Maybe it's time to clear him away too, in favor of someone else -- a search process I'm hugely reluctant to begin, especially since it's taken so long to determine how dissatisfied I am with my current counselor. How can I prevent this from happening again? What if the next person -- and the next one, and the next -- are worse? Am I really willing to throw away a year's working relationship? I don't know.

But that view.


I want it.

Photos taken at the High Line, New York.

10 comments:

Sherlock said...

A dietitian is a great idea. Can't wait to hear how it goes. As for the counselor -- if you're not comfortable with the one you have, take the time and effort to find another. Years ago I went through three in as many years before I found one that was the perfect fit. Sounds like a long time, but it's not really. I did gain something of value from the others, just not enough to suit me, so I moved on.

French Fancy said...

I wish you the best of luck CT with this new regime. It is so good to be in control of what we eat and I know you have lots of discipline from the posts you have done about the things you are not allowed.

Perhaps once the food thing is sorted you might not even need a counsellor any more.

French Fancy said...

p.s. I don't think having a counsellor is something that is so big in Europe as it seems to be in the USA. I mean after watching all Woody Allen's films it seems that nearly everyone is in analysis. Is it really such a part of every day culture? It must be so expensive.

Kristen @ Motherese said...

First off, I love the High Line. I visited last fall and was so impressed by that little lung at the edge of the city.

Second, and much more important, I am really pleased that you found a dietitian you like. In my experience, trusted care-providers can make the difference between forward progress and back-sliding and it sounds like you've found a practitioner who will help you answer some of the questions you've been having. As for the counselor, how frustrating that you aren't finding him as helpful as he could be. Inertia is such a bugaboo in these situations so I applaud you for even considering making a switch.

Wishing you all the best!

Bev said...

<3

BigLittleWolf said...

The dietitian sounds like a wonderful step. Very tangible. And sometimes that's what's lacking in counselors of various sorts - practical suggestions that are tangible.

Finding a good match in counselor is difficult (like finding a good match in anything?) - really wishing you the best with this. I know how tough food issues can be, and interrelated with so many other stresses.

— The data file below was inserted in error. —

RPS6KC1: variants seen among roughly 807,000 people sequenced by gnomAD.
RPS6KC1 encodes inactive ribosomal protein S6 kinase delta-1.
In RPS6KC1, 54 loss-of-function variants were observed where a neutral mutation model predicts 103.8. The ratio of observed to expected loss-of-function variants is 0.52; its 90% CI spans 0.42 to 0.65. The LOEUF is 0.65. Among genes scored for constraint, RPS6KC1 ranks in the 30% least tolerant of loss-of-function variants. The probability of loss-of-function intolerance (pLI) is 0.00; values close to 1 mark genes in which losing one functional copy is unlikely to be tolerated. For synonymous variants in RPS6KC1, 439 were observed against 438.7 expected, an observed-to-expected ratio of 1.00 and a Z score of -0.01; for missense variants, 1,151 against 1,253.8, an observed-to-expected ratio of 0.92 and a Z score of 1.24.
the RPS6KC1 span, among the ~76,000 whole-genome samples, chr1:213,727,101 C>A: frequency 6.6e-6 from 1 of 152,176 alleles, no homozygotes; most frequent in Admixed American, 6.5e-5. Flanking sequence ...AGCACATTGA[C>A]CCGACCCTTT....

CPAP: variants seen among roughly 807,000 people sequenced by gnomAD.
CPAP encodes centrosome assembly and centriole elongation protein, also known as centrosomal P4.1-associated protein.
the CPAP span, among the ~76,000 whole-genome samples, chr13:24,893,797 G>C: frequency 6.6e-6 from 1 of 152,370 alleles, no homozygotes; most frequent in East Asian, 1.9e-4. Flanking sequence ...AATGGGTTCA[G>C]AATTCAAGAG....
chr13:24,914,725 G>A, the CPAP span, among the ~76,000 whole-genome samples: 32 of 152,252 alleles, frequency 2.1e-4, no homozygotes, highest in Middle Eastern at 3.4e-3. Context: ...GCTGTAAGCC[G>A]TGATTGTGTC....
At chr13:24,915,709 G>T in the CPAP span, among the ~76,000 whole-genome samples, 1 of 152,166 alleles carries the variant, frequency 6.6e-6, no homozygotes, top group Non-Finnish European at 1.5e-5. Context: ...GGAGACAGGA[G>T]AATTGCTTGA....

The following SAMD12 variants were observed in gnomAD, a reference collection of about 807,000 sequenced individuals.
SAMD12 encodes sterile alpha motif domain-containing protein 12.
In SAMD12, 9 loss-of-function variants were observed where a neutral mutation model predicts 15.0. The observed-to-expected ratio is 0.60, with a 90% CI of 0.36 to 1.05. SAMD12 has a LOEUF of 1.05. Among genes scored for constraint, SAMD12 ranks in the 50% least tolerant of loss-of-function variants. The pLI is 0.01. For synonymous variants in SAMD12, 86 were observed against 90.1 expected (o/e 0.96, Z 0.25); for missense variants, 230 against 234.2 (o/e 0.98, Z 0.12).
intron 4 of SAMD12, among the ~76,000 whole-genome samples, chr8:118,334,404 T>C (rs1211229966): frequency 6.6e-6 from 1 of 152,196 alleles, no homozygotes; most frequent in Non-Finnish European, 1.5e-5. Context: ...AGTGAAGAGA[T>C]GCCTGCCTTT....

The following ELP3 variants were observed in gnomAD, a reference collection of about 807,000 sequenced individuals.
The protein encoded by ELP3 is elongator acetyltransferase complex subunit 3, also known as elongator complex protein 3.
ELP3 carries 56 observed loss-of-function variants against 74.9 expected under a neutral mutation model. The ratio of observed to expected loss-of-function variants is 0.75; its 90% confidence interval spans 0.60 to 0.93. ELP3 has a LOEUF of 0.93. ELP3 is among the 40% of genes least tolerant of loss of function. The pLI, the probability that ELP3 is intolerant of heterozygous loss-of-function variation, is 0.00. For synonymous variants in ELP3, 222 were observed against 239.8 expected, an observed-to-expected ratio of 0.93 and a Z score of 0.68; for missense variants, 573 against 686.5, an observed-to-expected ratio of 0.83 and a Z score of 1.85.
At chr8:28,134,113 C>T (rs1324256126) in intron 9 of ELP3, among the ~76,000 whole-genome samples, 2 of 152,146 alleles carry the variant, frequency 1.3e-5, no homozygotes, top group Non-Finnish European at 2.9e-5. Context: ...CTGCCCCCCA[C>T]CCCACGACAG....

C. Troubadour said...

Sherlock -- I'm optimistic about the dietitian. She seemed to get the food anxiety thing right away. As for the counselor search, thanks for the encouragement. Have to figure out how to break it off with the current guy; not looking forward to that.

FF -- I'm lucky enough to have an insurance plan that covers the current counselor's fees. But not all counselors take insurance. That'll be part of the challenge in the search for a new person. Interesting, your comment about counseling in Europe vs. the U.S. -- I'd say it has become mainstream here in some parts of U.S. culture, but certainly not all. I grew up in a family with mixed attitudes toward it and married into a family with a long tradition of living with stiff upper lips. Whatever works, I say ...

Kristen -- love the idea of the High Line as a lung! It really is a breath of fresh air :). On inertia, though ... see me waving (and wavering) over here? Working with the dietitian will help keep me motivated to look for a new counselor, I think. The difference in how I felt when I left her office vs. the counselor's office after the first visit was stark.

Bev -- hiiiiiiiiiiiiiii <3

BLW -- tangible, so very important! Only a few years of teaching taught me how important that is to feeling like what you're doing matters. And I've brought that up a few times in sessions, but somehow that continued not to stick ... argh!

theycallmejane said...

What a great idea! Good luck in your quest to beter health. A noble quest indeed! Looking forward to hearing about any secrets you learn along the way!

SuziCate said...

Kudos to you for finding a dietician. Most importantly, you must be comfortable and feel like you are making progress with your counselor, if not you need to change...your recognizing this and taking a step to make changes is huge. I am so happy for you that you are stepping up and taking charge. You should be proud of yourself. I hope all works out well. Sounds like you're headed in the right direction.

C. Troubadour said...

Jane -- I've already got assigned reading after a week; we'll see what comes of it. The library didn't have what I needed so now it's off to check out Amazon's used book offerings ...

SuziCate -- thanks. I almost talked myself out of finding that dietitian two weeks ago as I was considering my options, but I'm glad I didn't.